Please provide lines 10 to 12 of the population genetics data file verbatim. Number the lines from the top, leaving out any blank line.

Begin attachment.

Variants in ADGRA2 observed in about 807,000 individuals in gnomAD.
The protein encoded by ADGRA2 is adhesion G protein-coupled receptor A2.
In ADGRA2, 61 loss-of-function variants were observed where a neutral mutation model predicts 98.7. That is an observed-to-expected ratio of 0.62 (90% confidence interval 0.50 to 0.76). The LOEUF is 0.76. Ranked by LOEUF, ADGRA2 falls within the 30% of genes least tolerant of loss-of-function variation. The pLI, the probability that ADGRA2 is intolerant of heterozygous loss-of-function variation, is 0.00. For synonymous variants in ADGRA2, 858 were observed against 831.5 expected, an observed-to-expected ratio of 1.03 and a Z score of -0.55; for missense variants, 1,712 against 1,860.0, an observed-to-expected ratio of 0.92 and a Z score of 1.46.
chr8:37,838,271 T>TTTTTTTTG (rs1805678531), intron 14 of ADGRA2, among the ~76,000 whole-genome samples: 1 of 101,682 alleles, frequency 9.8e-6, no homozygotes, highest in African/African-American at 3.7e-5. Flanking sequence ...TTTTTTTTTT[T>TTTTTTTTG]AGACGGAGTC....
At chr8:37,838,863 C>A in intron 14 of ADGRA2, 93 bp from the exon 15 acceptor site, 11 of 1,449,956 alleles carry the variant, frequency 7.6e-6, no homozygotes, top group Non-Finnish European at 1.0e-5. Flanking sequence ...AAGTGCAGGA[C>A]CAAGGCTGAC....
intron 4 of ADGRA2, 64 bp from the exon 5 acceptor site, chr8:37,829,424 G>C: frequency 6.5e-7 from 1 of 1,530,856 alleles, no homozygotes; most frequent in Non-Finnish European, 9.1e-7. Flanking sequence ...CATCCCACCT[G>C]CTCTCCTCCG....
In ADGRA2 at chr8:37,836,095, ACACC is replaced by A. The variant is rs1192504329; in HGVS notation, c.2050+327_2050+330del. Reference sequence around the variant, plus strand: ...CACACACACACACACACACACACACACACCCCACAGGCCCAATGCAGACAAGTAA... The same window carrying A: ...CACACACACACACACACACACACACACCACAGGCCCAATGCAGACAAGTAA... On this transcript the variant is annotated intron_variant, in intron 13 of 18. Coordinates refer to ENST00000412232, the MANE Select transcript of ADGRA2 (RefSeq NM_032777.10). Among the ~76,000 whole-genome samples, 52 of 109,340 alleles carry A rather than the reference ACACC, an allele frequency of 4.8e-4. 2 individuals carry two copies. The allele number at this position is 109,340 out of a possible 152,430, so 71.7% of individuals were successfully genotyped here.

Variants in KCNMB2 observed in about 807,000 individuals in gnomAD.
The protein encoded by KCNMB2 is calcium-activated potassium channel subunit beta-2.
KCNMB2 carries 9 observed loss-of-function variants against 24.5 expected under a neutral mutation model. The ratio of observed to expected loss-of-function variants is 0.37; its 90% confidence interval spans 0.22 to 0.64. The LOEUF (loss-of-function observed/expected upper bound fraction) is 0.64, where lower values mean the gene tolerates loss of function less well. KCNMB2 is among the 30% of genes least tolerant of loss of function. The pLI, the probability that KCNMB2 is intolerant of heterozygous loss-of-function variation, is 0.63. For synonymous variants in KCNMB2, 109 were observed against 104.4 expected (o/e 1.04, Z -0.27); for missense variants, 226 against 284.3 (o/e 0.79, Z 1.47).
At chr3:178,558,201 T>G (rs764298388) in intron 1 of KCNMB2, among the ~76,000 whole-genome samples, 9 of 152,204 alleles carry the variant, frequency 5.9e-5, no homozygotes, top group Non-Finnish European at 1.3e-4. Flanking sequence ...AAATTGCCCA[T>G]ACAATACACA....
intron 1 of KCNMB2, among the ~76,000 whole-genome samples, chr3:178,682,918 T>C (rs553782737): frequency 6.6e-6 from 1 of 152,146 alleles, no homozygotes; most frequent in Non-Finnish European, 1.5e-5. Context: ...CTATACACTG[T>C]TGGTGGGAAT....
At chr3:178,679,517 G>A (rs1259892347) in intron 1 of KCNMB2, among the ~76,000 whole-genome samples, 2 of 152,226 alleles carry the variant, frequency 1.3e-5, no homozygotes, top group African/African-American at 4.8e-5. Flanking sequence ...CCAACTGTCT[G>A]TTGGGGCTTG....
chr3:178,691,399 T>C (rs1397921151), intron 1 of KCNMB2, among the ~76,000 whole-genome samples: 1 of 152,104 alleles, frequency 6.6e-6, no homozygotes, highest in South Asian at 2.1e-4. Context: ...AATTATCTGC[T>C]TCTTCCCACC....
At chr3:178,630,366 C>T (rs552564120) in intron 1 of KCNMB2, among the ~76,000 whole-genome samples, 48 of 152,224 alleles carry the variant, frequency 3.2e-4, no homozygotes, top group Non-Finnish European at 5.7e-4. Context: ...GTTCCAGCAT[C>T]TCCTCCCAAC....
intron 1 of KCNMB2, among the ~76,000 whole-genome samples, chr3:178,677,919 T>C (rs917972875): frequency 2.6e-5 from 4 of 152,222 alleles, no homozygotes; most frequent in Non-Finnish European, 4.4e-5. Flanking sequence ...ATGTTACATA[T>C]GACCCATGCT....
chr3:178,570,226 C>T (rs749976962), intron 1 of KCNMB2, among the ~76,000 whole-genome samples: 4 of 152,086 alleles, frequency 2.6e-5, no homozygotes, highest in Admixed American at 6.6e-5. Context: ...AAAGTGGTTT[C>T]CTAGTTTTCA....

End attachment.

KCNMB2 carries 9 observed loss-of-function variants against 24.5 expected under a neutral mutation model. The ratio of observed to expected loss-of-function variants is 0.37; its 90% confidence interval spans 0.22 to 0.64. The LOEUF (loss-of-function observed/expected upper bound fraction) is 0.64, where lower values mean the gene tolerates loss of function less well. KCNMB2 is among the 30% of genes least tolerant of loss of function. The pLI, the probability that KCNMB2 is intolerant of heterozygous loss-of-function variation, is 0.63. For synonymous variants in KCNMB2, 109 were observed against 104.4 expected (o/e 1.04, Z -0.27); for missense variants, 226 against 284.3 (o/e 0.79, Z 1.47).
At chr3:178,558,201 T>G (rs764298388) in intron 1 of KCNMB2, among the ~76,000 whole-genome samples, 9 of 152,204 alleles carry the variant, frequency 5.9e-5, no homozygotes, top group Non-Finnish European at 1.3e-4. Flanking sequence ...AAATTGCCCA[T>G]ACAATACACA....
intron 1 of KCNMB2, among the ~76,000 whole-genome samples, chr3:178,682,918 T>C (rs553782737): frequency 6.6e-6 from 1 of 152,146 alleles, no homozygotes; most frequent in Non-Finnish European, 1.5e-5. Context: ...CTATACACTG[T>C]TGGTGGGAAT....